Kadokawa Shoten Publishing president Tsuguhiko Kadokawa has announced a reorganisation of the company's film businesses and a relaunch on April 1 under the name Kadokawa Pictures.
The reshuffle, which will merge film-related subsidiaries of Kadokawa Holdings with film producer and distributor Kadokawa Daiei, will result in the extinction of the Daiei corporate name, one of the oldest in the Japanese film industry. Daiei will remain only as a brand for DVD and videos of the studio's classic titles.
Founded in 1942, the Daiei studio was a major industry force in the 1950s and 1960s, responsible for Akira Kurosawa's Rashomon and the Zatoichi series, among many others. The company went bankrupt in 1971, but in 1974 came under the corporate umbrella of the Tokuma Shoten Publishing company. In November of 2002, Kadokawa purchased Daiei from Tokuma, together with its 1,600-title film library, and merged it with its film division under the name Kadokawa Daiei.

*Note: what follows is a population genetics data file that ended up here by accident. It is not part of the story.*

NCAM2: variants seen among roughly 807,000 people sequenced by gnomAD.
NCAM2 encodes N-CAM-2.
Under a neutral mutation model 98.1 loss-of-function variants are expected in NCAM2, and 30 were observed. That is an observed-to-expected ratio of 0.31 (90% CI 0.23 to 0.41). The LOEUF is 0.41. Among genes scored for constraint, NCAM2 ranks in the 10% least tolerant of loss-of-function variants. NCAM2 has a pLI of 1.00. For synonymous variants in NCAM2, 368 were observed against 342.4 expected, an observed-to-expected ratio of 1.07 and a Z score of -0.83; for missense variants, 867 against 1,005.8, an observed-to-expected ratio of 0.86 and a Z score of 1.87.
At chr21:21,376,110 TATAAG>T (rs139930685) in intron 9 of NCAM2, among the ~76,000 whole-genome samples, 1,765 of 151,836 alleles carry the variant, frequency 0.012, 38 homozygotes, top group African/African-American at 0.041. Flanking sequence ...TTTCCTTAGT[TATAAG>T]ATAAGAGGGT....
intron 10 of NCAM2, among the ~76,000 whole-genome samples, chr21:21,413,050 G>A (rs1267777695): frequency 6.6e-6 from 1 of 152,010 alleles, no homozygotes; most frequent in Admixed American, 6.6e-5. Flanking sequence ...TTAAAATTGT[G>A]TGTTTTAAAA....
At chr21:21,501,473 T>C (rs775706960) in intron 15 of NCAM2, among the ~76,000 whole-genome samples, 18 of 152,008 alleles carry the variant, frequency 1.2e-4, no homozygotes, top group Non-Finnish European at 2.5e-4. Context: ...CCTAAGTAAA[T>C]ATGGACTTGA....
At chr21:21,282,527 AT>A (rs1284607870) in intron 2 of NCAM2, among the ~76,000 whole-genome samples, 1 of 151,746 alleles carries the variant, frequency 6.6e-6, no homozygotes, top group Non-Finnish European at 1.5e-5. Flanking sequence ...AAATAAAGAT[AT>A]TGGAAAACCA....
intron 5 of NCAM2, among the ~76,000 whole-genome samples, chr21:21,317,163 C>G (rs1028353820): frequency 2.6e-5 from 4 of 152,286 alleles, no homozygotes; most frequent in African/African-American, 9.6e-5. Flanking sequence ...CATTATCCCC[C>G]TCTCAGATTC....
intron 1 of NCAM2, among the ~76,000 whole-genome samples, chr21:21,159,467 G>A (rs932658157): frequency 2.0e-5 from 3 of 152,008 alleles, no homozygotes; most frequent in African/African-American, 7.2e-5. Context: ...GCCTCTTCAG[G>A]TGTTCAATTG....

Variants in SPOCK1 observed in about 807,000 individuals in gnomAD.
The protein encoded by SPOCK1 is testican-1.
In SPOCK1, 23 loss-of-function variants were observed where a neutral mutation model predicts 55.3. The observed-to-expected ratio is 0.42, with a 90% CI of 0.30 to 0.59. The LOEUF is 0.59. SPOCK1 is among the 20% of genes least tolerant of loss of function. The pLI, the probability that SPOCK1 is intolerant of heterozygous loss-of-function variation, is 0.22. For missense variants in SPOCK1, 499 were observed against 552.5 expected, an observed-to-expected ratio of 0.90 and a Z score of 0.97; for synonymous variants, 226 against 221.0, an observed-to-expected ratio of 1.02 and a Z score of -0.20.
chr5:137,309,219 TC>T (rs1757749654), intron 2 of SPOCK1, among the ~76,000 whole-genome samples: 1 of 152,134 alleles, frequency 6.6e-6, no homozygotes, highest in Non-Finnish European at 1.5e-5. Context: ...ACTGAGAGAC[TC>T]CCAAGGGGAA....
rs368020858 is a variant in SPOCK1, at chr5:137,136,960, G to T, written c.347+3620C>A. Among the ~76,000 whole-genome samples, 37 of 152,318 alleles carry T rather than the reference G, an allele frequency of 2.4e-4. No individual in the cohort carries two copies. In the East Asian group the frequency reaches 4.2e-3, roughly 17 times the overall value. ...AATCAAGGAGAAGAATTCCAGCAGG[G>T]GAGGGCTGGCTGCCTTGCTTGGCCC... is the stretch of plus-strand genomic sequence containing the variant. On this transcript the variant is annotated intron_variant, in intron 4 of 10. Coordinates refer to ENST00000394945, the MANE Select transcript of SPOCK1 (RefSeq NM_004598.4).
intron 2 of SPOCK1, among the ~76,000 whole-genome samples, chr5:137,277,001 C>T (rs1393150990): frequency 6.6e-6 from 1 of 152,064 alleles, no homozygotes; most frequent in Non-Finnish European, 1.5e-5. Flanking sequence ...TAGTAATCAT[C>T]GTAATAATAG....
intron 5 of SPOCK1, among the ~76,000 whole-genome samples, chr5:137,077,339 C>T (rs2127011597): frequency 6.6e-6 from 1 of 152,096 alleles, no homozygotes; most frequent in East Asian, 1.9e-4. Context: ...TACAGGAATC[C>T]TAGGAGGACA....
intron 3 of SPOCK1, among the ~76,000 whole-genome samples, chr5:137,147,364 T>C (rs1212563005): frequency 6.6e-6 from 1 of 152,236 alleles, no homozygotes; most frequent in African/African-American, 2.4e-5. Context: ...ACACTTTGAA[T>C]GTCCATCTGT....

The company is currently renovating the Daiei studio in Chofu, a Tokyo suburb, at a cost of $9.4m (Y1bn). It also planning the production of three major films, starting this summer: Yokai Daisenso (The Big Goblin War), Shin Sengoku Jieitai (New G.I. Samurai) -- a remake of a 1979 film by Mitsumasa Saito about a squadron of Self Defense Force soldiers who time travel back to 16th century Japan -- and new instalment of the studio's signature Gamera series about a giant flying turtle.